Criminal History: Seal / Expungements

When a record is sealed, it is concealed from public view. Record sealing can only be done by court or government entities. Sealing a record means the court or a government entity will erase the criminal files from public record and maintain them in a private database. A private database is accessible only to specific individuals and it can be available to others only under specific circumstances. A criminal record that is sealed can still be used in subsequent arrests, government employment, and licensing applications if necessary. Criminal record sealing is not the same as complete criminal record expungement. In case of expungement, all criminal record files are destroyed. The eligibility requirements for criminal history sealing or expungement are very strict.

How Do I Have a Criminal History Record Sealed or Expunged?

An expungement is complex legal process by which a criminal record is destroyed or sealed after a certain expiration of time. Expungement requires a civil action, meaning that the petitioner or the plaintiff is asking the court to have his criminal records expunged. Each state has different laws and policies for criminal history expungement. Apart from state laws, the overall effect of the expungement will mostly depend on your situation.

Florida Statutes, s.943.0585 and s.943.059, set forth the criteria that must be met in order to be eligible to have an adult criminal history record sealed or expunged. In addition, these statutes also state that in order to have a criminal history record sealed or expunged within the State of Florida, an individual must first make application to the FDLE for a Certificate of Eligibility. Please note that the issuance of a Certificate of Eligibility does not mean that your criminal history record will be ordered sealed or expunged. It merely indicates that you are statutorily eligible for the type of relief that is being requested. In case you succeed to have your criminal record expunged, it will be destroyed and removed from the courts database and the arresting agency, as well as from the FDLE, and the FBI.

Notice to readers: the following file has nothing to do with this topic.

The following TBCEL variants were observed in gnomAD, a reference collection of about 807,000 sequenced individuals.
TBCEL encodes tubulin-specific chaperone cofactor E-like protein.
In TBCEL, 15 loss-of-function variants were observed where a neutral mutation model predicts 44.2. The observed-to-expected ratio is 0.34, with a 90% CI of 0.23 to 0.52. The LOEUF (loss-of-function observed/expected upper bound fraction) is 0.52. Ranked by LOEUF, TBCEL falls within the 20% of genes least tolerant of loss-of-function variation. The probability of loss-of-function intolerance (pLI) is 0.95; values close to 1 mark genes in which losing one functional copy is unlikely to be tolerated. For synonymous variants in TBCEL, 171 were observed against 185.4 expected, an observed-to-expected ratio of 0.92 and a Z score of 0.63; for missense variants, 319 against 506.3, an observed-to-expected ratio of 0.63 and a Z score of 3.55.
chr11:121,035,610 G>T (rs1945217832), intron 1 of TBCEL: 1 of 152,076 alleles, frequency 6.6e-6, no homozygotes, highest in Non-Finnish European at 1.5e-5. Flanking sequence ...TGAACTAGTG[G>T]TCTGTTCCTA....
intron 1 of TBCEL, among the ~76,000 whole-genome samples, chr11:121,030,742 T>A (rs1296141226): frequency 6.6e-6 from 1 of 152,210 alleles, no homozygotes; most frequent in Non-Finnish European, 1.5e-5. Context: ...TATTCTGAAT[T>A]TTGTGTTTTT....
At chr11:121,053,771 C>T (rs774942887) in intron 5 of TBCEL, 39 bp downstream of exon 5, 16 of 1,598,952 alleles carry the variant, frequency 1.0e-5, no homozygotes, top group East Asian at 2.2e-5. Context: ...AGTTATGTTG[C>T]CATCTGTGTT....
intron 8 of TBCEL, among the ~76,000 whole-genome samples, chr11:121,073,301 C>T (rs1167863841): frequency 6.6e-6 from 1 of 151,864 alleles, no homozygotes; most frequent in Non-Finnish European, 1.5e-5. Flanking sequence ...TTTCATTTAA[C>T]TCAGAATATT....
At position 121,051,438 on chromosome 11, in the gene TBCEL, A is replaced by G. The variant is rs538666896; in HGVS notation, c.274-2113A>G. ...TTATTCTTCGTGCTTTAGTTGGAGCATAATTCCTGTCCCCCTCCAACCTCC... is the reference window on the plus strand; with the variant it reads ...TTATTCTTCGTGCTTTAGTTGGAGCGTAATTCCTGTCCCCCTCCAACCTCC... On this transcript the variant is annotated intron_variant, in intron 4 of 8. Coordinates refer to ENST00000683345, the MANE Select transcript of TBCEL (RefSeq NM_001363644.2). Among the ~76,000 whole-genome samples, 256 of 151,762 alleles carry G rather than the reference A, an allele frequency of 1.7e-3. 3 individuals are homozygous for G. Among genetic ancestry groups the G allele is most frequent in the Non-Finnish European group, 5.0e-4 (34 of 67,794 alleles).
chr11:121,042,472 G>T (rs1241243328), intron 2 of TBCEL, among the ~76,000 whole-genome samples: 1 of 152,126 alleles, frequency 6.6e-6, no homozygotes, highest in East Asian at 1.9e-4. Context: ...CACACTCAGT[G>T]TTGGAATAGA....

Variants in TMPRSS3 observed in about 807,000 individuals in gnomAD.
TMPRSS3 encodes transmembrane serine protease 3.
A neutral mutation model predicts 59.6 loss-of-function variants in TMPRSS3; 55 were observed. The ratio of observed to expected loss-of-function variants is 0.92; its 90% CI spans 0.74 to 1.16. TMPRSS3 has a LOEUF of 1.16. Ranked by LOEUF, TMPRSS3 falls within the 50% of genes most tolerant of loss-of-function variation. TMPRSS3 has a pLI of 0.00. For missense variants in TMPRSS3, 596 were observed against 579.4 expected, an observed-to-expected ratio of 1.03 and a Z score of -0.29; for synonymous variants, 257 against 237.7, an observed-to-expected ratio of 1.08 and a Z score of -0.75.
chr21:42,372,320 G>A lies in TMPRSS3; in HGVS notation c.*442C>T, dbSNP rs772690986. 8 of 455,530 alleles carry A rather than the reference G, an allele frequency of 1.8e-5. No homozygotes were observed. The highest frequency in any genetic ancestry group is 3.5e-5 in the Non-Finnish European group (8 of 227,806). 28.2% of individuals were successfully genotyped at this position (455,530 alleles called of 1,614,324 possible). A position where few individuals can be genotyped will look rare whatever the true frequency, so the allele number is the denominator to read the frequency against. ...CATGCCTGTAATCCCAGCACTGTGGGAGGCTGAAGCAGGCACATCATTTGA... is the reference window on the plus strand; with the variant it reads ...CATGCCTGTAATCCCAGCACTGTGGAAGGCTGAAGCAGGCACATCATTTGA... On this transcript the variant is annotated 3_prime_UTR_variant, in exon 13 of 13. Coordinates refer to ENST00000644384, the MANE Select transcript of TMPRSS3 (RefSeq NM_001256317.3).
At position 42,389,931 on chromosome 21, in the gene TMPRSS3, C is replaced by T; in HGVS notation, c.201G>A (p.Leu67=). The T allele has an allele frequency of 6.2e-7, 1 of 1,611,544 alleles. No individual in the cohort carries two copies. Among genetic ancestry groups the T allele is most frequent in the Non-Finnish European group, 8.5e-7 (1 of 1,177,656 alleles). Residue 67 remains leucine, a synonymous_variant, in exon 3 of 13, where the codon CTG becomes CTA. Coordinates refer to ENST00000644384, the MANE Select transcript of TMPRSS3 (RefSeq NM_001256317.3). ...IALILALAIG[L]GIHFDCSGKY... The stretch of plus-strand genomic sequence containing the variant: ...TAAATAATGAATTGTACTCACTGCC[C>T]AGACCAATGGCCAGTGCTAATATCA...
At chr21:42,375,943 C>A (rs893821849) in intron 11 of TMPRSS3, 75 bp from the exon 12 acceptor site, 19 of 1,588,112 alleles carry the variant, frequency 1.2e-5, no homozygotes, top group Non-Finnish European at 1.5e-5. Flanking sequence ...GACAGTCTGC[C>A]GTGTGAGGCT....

What is the Difference between Having a Criminal History Record Sealed vs. Expunged?

When a criminal history record is sealed, the public will not have access to it. Certain governmental or related entities, primarily those listed in s. 943.059(4)(a), Florida Statutes, have access to sealed record information in its entirety.

When a record has been expunged, those entities which would have access to a sealed record will be informed that the subject of the record has had a record expunged, but would not have access to the record itself without a court order. All they would receive is a caveat statement indicating that “Criminal Information has been Expunged from this Record”.

Criminal record expungement laws can change people’s lives in a dramatic and very positive way. Record sealing and expungement are valuable legal practices that can provide people with criminal backgrounds a second chance. When a person has a criminal history, apart from carrying a criminal mark and being a victim of judgement, that person is also held back from any benefits that require a background check, such as applying for a loan, renting an apartment and even getting a job. These practices also aid in reducing criminal recidivism and increasing the numbers of employed taxpayers. The Florida Keys Expungement Attorneys at My Key West Lawyer serve the entire Florida Keys, including Key Largo, Islamorada, Marathon, Big Pine Key and Key West. If you are interested in knowing whether or not you can have your criminal history seal or expunged, do not hesitate to contact us today.